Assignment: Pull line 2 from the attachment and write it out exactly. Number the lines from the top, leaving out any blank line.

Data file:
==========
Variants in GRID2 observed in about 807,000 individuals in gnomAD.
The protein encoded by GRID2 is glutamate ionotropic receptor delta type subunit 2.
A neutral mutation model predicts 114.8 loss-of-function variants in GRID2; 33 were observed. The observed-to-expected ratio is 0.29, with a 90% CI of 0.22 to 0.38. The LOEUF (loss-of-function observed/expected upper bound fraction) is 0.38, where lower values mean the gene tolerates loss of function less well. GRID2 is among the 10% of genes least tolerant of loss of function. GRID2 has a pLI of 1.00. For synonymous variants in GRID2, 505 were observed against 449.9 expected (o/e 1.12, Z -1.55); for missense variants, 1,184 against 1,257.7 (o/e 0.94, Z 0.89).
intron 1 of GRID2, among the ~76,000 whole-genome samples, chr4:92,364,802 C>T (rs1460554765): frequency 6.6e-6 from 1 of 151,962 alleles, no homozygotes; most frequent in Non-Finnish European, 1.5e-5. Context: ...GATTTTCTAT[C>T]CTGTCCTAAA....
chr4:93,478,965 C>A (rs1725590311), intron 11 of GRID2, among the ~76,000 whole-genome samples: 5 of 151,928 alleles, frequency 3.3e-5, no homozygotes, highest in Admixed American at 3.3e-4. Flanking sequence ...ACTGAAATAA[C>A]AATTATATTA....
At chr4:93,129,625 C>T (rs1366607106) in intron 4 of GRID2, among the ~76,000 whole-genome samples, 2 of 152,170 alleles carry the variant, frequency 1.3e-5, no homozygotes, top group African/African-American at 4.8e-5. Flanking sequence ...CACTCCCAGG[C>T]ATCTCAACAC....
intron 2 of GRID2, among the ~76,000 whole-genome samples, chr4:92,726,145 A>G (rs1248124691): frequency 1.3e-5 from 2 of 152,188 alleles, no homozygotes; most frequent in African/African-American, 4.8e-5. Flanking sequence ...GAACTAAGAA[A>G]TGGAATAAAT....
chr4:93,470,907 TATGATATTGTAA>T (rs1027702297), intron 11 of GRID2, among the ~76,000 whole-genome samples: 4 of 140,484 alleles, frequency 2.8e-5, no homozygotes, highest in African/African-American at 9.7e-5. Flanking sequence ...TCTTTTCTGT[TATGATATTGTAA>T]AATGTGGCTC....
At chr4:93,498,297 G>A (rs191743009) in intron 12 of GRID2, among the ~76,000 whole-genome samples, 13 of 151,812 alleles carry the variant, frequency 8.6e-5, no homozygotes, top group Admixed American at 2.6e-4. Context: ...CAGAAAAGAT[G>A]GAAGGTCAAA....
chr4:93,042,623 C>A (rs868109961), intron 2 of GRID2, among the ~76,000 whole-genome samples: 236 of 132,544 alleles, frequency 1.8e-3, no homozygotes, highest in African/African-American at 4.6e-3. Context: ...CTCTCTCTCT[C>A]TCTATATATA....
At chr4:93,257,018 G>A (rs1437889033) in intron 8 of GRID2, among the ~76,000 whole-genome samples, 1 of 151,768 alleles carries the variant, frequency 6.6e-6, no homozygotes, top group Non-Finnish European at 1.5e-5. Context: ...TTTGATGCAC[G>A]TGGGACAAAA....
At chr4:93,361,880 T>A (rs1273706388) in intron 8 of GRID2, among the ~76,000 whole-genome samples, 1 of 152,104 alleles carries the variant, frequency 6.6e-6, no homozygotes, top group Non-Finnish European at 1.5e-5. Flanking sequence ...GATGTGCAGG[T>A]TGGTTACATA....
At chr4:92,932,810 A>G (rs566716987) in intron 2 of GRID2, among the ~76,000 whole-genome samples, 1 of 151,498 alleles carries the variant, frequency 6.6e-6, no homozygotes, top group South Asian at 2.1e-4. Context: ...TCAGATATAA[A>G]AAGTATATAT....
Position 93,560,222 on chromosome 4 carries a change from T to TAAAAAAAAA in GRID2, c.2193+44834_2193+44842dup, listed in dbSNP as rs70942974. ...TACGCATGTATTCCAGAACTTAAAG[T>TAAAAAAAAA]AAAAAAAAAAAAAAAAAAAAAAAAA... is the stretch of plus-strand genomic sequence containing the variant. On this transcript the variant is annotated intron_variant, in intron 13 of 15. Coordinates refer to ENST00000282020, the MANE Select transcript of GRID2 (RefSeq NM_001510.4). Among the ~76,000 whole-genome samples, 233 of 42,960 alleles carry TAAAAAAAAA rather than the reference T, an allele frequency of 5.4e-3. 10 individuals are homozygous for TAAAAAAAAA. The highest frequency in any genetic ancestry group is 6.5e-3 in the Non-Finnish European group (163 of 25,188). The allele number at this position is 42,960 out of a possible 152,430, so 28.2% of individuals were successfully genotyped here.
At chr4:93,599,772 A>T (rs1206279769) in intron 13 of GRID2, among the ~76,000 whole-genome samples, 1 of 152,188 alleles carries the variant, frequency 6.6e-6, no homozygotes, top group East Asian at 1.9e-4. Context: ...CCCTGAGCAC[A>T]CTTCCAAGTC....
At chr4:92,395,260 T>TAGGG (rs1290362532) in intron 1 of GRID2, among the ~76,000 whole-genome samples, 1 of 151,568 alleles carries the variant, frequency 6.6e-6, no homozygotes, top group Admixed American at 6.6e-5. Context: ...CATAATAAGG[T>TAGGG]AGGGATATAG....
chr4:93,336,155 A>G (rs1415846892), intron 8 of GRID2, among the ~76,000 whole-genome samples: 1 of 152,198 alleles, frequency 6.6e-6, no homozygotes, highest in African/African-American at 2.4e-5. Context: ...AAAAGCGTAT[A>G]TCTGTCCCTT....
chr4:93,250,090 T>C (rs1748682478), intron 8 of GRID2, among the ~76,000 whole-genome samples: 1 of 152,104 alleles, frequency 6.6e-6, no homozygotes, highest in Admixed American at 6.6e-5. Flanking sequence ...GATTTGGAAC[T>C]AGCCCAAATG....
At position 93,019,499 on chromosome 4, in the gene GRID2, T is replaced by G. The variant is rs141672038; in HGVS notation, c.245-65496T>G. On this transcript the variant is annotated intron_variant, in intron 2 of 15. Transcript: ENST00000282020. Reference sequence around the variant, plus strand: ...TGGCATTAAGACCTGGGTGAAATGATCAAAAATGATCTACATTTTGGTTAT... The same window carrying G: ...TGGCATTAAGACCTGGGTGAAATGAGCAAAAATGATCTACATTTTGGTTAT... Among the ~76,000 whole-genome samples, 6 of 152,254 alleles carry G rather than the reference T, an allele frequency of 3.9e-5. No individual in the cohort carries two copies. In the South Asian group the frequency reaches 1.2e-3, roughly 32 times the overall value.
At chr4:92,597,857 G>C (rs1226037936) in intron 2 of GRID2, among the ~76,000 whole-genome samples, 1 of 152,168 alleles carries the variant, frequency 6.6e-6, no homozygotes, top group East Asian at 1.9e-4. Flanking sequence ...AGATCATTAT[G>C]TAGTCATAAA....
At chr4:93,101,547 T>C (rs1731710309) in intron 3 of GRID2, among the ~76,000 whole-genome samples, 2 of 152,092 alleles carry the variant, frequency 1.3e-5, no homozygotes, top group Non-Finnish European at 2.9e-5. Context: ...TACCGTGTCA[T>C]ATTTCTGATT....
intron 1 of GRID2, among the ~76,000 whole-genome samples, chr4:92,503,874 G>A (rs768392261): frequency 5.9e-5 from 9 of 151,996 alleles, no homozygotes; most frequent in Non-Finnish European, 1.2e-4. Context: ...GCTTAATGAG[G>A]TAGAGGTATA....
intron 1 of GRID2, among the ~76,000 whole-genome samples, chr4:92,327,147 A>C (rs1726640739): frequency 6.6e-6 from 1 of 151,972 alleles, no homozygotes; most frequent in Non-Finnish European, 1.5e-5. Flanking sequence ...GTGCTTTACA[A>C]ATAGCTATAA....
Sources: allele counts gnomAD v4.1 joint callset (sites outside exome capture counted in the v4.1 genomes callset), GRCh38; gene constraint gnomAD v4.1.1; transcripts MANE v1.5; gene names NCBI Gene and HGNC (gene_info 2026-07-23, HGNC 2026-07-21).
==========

The protein encoded by GRID2 is glutamate ionotropic receptor delta type subunit 2.